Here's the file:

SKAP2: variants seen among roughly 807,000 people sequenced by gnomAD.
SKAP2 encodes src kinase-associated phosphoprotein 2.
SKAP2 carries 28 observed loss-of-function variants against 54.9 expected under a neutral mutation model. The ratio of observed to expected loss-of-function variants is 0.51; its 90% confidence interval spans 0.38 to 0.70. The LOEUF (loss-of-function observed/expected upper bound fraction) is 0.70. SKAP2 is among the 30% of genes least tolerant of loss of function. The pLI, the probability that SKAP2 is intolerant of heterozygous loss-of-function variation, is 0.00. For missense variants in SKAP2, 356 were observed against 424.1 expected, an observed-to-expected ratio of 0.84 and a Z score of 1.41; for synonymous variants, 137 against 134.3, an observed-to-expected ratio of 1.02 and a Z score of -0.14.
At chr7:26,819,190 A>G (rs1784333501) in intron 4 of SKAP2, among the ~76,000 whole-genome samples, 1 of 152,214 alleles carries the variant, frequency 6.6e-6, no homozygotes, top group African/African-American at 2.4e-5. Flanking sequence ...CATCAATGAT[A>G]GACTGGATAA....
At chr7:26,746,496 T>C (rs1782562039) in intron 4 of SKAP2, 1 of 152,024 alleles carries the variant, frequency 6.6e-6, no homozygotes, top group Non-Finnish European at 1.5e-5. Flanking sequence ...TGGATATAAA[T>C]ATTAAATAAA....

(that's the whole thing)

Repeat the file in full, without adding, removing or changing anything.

SKAP2: variants seen among roughly 807,000 people sequenced by gnomAD.
SKAP2 encodes src kinase-associated phosphoprotein 2.
SKAP2 carries 28 observed loss-of-function variants against 54.9 expected under a neutral mutation model. The ratio of observed to expected loss-of-function variants is 0.51; its 90% confidence interval spans 0.38 to 0.70. The LOEUF (loss-of-function observed/expected upper bound fraction) is 0.70. SKAP2 is among the 30% of genes least tolerant of loss of function. The pLI, the probability that SKAP2 is intolerant of heterozygous loss-of-function variation, is 0.00. For missense variants in SKAP2, 356 were observed against 424.1 expected, an observed-to-expected ratio of 0.84 and a Z score of 1.41; for synonymous variants, 137 against 134.3, an observed-to-expected ratio of 1.02 and a Z score of -0.14.
At chr7:26,819,190 A>G (rs1784333501) in intron 4 of SKAP2, among the ~76,000 whole-genome samples, 1 of 152,214 alleles carries the variant, frequency 6.6e-6, no homozygotes, top group African/African-American at 2.4e-5. Flanking sequence ...CATCAATGAT[A>G]GACTGGATAA....
At chr7:26,746,496 T>C (rs1782562039) in intron 4 of SKAP2, 1 of 152,024 alleles carries the variant, frequency 6.6e-6, no homozygotes, top group Non-Finnish European at 1.5e-5. Flanking sequence ...TGGATATAAA[T>C]ATTAAATAAA....